Verlander a man in command
Justin Verlander beat the A's in Game 5 of ALDS for the second straight year
OAKLAND, Calif. -- Oakland's Coliseum is laid out in such a way that to get from the clubhouse to the dugout, the players must walk through a narrow passage smack against a section of fans. This is not such a big deal if you make that trip only once or twice. But Justin Verlander walks that passage twice between every inning when he pitches here. Once on his way to the clubhouse after an inning to refocus himself and again when he returns to the field to pitch the next inning.
"So I'm walking by the fans and they're yelling as much stuff at me as they can," he said. "There were two or three in particular who I can remember. I wish I could have gone back there in the ninth and walked by them one more time and maybe said something."
He said enough on the mound. And I don't mean in a Grant Balfour NC-17 way.
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One year after shutting out the Athletics in the decisive Game 5 of the 2012 division series, Verlander silenced Oakland again in a 3-0 Game 5 victory Thursday. Facing rookie Sonny Gray for the second time this series, Verlander didn't allow a baserunner until the sixth inning and didn't allow a hit until there were two outs in the seventh. Throwing mid-90s fastballs and low-80s curveballs, he allowed just two hits and struck out 10 in eight innings.
"I wake up and the only thing I'm thinking about is my game plan and visualizing and executing," Verlander said. "Once you get to the park, it goes into a different mode. All the nerves and angst starts to build, and I've been here before, there is nothing you can do about it. You've got to hone it to your advantage"
Verlander remarked how Gray had done that very thing in Game 2 when the Athletics won 1-0. Based on that fine performance, the Athletics opted to start Gray over 40-year-old ace Bartolo Colon in Game 5. Thursday was a lesser shade of Gray, though. He struggled with the command of his fastball and curveball -- he walked four batters and gave up six hits in five innings -- and allowed a decisive two-run homer to Miguel Cabrera in the fourth. He also broke his left thumb fielding a comebacker.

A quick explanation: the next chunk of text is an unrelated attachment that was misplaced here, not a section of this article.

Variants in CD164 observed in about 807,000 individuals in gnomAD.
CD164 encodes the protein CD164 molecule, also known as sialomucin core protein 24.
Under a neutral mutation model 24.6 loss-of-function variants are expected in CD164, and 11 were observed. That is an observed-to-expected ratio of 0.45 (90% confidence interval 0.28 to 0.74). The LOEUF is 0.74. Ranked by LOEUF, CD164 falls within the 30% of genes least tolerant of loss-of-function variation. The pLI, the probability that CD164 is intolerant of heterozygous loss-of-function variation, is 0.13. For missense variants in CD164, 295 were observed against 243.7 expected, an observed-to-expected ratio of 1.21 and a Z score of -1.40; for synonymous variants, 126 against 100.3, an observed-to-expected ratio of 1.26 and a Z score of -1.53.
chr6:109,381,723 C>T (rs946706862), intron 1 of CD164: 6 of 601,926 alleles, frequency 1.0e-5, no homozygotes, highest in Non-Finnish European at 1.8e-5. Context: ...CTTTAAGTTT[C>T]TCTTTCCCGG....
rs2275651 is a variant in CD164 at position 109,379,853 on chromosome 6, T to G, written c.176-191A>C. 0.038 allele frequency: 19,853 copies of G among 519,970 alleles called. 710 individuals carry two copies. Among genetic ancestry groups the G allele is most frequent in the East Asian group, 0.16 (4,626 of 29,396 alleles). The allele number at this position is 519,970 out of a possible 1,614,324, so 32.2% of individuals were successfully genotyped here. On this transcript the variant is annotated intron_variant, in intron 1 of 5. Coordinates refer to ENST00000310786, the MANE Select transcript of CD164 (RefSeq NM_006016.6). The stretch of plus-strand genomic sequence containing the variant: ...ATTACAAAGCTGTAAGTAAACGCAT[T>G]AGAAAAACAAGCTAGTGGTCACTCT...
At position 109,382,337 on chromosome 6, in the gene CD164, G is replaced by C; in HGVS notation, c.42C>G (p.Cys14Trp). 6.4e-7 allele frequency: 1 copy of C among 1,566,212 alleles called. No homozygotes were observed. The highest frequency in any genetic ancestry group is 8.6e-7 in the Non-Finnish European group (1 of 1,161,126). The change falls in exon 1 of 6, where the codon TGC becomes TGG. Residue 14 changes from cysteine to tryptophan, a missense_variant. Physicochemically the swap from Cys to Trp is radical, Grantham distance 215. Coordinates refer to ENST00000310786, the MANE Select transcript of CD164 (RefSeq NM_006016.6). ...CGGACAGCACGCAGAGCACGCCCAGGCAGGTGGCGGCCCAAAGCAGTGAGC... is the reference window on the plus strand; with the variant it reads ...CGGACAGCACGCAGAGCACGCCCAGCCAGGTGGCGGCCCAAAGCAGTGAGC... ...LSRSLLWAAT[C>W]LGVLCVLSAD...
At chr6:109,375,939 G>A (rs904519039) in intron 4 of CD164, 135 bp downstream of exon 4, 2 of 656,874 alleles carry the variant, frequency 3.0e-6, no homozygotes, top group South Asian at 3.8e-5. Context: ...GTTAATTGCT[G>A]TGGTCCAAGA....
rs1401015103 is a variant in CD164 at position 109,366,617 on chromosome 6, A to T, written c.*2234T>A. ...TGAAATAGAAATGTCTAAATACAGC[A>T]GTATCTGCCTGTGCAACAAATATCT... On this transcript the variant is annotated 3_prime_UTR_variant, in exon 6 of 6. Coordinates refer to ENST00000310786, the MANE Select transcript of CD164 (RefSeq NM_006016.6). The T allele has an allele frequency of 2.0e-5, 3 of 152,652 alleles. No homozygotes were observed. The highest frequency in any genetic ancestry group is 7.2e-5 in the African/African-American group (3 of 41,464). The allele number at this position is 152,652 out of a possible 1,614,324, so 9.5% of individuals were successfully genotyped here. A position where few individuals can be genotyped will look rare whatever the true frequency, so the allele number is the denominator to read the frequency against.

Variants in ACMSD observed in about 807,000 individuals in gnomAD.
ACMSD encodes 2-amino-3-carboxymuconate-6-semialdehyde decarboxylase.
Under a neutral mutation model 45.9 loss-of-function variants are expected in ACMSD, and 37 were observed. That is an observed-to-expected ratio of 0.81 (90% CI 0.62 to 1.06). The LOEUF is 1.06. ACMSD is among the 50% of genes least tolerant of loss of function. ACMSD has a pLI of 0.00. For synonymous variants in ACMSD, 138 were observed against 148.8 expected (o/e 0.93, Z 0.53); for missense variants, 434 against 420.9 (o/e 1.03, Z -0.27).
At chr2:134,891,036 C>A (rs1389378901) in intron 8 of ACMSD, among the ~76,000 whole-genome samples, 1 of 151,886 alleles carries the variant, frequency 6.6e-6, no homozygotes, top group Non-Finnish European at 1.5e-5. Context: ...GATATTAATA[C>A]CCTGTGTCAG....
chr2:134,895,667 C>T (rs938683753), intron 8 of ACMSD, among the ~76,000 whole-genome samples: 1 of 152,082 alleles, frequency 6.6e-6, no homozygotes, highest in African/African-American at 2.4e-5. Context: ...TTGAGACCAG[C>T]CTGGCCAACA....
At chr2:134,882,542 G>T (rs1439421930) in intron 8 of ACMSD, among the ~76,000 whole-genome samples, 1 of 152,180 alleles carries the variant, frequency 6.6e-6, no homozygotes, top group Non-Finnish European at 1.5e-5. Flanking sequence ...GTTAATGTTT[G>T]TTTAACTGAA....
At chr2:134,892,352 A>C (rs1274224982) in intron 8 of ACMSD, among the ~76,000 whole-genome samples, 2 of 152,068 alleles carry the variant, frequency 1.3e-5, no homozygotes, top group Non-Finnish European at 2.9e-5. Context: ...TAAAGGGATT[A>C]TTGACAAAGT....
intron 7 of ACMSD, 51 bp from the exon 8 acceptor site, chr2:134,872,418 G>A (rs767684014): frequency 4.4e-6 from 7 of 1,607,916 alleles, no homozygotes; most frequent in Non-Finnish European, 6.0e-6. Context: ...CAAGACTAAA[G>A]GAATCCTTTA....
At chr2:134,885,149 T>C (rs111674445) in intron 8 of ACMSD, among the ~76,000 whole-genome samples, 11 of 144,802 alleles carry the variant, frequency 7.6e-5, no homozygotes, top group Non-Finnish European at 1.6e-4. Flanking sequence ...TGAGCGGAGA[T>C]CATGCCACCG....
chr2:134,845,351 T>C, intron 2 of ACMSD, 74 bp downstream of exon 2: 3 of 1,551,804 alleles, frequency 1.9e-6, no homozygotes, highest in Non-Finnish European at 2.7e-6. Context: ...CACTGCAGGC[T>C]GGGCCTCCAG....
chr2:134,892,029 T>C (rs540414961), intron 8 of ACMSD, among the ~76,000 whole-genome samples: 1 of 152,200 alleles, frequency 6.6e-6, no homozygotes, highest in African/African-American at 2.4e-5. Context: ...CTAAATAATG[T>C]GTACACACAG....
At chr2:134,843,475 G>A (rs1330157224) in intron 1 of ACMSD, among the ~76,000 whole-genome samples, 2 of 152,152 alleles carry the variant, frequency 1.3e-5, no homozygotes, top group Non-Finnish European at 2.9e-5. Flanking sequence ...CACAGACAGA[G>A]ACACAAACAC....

Maybe experience does matter sometimes.
Of course, the Athletics could have started Colon and it would not have mattered given that they needed to score a run to win and Verlander silenced their bats, as well as a crowd of 46,959 fans.
The Oakland fans tried to get to Verlander before Game 5 even began. The former MVP and Cy Young winner reportedly had a relationship with Kate Upton that might or might not have ended this year, so several Oakland fans decided it would be a good idea to taunt the pitcher by holding up large posters of the model while he warmed up in the bullpen down the right-field line. Let's just say it didn't faze him in the slightest.
Did he even notice the Upton posters?
"I did notice," Verlander said. He paused for a moment and a satisfied grin grew across his face. "No comment."
There is no need for a reprisal from Detroit fans. For one thing, the series is over, as is Oakland's season. This is the sixth consecutive time the Athletics have lost the fifth game of a division series and the 12th potential clincher they've lost in a row. More importantly, Verlander must be so deeply rooted in the Athletics' heads that he could only be surgically removed.
In four postseason starts against Oakland, Verlander has allowed just one run and 13 hits in 31 innings, while striking out 43 batters. That's a 0.28 ERA. He hasn't allowed a run to them in 30 innings.
Dating back to September, Verlander also has thrown 29 consecutive scoreless innings this year after what had been a subpar season for him (13-12 with a 3.46 ERA).
"I'm pitching the way I'm supposed to." he said. "I worked my butt off all year to try to get consistent and get myself where I needed to be. I feel like it really paid off at the end of the year. It wasn't easy. It was a battle for me all year long. But I felt like I was finally able to make myself more consistent."
"It shows how dedicated he is to being a champion," Tigers general manager Dave Dombrowski said.
"He was not satisfied just being 'OK' during the season. He kept working on little things because he was not quite in sync. He also knew he could salvage a so-so year -- not a bad year, but a so-so year for him -- with an outstanding postseason. And we're not done."
Verlander saw to that.